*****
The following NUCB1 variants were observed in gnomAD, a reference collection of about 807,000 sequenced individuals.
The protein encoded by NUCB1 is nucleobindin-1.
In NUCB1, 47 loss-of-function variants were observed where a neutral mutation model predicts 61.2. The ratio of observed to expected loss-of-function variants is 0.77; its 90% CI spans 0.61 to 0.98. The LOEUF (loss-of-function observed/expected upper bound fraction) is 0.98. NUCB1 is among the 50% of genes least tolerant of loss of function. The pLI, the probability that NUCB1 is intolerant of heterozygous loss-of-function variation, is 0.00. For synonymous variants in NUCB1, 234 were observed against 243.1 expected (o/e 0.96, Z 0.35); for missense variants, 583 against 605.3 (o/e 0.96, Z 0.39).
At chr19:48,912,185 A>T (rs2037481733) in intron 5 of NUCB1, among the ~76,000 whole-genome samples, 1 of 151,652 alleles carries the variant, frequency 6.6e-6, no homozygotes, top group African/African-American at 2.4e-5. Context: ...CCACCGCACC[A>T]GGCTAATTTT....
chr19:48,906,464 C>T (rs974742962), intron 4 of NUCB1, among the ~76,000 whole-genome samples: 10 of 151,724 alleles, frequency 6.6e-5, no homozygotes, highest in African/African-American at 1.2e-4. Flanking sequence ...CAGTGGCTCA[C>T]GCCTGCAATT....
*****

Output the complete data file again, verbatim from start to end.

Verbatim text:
The following NUCB1 variants were observed in gnomAD, a reference collection of about 807,000 sequenced individuals.
The protein encoded by NUCB1 is nucleobindin-1.
In NUCB1, 47 loss-of-function variants were observed where a neutral mutation model predicts 61.2. The ratio of observed to expected loss-of-function variants is 0.77; its 90% CI spans 0.61 to 0.98. The LOEUF (loss-of-function observed/expected upper bound fraction) is 0.98. NUCB1 is among the 50% of genes least tolerant of loss of function. The pLI, the probability that NUCB1 is intolerant of heterozygous loss-of-function variation, is 0.00. For synonymous variants in NUCB1, 234 were observed against 243.1 expected (o/e 0.96, Z 0.35); for missense variants, 583 against 605.3 (o/e 0.96, Z 0.39).
At chr19:48,912,185 A>T (rs2037481733) in intron 5 of NUCB1, among the ~76,000 whole-genome samples, 1 of 151,652 alleles carries the variant, frequency 6.6e-6, no homozygotes, top group African/African-American at 2.4e-5. Context: ...CCACCGCACC[A>T]GGCTAATTTT....
chr19:48,906,464 C>T (rs974742962), intron 4 of NUCB1, among the ~76,000 whole-genome samples: 10 of 151,724 alleles, frequency 6.6e-5, no homozygotes, highest in African/African-American at 1.2e-4. Flanking sequence ...CAGTGGCTCA[C>T]GCCTGCAATT....